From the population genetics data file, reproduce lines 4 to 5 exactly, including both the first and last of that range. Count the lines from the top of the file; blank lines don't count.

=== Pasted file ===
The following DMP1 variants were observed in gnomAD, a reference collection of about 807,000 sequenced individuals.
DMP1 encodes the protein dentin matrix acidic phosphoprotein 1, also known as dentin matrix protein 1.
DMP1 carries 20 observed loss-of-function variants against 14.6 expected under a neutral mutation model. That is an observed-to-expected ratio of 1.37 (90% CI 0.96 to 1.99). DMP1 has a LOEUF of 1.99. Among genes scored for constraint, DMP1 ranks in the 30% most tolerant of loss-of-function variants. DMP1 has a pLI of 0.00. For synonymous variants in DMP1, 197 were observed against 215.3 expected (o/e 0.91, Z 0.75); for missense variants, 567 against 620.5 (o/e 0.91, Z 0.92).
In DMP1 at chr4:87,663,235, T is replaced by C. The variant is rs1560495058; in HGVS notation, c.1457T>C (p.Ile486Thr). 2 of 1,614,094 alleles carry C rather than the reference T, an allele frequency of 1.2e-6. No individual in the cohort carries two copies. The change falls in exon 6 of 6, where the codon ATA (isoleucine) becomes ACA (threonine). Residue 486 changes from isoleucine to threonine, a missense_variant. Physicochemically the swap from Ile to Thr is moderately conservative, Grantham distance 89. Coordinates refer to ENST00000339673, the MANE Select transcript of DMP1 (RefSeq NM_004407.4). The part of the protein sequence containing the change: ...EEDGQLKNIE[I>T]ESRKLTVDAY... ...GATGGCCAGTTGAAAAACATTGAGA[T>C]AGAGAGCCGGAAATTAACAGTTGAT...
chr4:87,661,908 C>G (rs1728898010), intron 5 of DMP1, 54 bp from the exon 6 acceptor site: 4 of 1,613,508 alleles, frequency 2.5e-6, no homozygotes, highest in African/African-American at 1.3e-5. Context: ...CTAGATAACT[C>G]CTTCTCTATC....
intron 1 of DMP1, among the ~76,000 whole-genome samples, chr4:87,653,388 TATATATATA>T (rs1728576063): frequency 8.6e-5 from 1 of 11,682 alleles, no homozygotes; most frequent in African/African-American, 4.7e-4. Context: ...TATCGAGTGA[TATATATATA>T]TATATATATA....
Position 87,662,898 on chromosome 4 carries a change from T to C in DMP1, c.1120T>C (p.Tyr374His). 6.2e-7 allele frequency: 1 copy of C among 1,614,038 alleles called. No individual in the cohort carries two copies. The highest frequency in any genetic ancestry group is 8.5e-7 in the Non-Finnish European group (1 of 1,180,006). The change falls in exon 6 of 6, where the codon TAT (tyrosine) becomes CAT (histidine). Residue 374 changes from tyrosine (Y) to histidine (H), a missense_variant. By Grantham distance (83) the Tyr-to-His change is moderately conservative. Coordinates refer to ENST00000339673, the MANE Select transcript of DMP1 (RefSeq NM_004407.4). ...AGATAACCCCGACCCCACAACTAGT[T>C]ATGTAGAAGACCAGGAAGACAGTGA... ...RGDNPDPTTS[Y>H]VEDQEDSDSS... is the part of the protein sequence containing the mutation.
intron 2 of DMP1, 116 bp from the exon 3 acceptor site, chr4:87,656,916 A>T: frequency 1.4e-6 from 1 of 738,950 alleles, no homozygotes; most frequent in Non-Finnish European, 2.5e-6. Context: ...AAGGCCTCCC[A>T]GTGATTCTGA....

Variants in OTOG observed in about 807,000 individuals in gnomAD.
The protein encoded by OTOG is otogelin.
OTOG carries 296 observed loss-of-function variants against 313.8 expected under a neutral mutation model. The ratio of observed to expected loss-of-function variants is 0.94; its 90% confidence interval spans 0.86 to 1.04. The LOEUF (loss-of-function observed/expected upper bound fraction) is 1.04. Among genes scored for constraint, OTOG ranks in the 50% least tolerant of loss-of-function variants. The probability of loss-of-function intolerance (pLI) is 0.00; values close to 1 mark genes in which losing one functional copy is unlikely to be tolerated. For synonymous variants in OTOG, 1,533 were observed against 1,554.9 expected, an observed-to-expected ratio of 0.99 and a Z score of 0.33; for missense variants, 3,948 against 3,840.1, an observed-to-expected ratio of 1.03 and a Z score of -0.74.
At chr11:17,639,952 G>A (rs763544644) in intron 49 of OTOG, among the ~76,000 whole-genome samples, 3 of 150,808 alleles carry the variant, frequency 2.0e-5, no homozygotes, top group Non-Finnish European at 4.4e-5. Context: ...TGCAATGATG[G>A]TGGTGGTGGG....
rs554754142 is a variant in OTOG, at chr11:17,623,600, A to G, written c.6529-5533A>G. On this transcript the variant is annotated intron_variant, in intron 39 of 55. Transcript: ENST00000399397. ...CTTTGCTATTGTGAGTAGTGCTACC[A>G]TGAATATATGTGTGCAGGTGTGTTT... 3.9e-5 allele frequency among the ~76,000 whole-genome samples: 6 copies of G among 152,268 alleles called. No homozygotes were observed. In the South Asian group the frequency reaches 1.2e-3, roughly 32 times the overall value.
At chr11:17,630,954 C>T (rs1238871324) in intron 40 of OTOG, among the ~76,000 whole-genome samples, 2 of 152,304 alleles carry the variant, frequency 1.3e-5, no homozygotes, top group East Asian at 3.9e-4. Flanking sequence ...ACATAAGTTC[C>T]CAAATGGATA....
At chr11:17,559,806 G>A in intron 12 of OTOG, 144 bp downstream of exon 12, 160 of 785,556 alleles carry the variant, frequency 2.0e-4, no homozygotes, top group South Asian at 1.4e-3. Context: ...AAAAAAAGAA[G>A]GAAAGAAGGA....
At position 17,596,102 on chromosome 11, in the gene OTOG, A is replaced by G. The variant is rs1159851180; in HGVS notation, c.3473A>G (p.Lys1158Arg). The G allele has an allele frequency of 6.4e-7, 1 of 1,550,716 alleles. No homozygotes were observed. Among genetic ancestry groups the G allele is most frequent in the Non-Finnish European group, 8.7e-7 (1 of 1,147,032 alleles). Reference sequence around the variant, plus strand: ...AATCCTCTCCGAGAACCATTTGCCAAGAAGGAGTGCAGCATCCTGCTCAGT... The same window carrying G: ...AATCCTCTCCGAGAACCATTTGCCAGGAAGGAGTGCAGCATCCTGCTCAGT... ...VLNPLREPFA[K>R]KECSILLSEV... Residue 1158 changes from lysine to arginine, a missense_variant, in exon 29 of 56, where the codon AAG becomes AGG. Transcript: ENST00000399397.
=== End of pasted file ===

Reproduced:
In DMP1 at chr4:87,663,235, T is replaced by C. The variant is rs1560495058; in HGVS notation, c.1457T>C (p.Ile486Thr). 2 of 1,614,094 alleles carry C rather than the reference T, an allele frequency of 1.2e-6. No individual in the cohort carries two copies. The change falls in exon 6 of 6, where the codon ATA (isoleucine) becomes ACA (threonine). Residue 486 changes from isoleucine to threonine, a missense_variant. Physicochemically the swap from Ile to Thr is moderately conservative, Grantham distance 89. Coordinates refer to ENST00000339673, the MANE Select transcript of DMP1 (RefSeq NM_004407.4). The part of the protein sequence containing the change: ...EEDGQLKNIE[I>T]ESRKLTVDAY... ...GATGGCCAGTTGAAAAACATTGAGA[T>C]AGAGAGCCGGAAATTAACAGTTGAT...
chr4:87,661,908 C>G (rs1728898010), intron 5 of DMP1, 54 bp from the exon 6 acceptor site: 4 of 1,613,508 alleles, frequency 2.5e-6, no homozygotes, highest in African/African-American at 1.3e-5. Context: ...CTAGATAACT[C>G]CTTCTCTATC....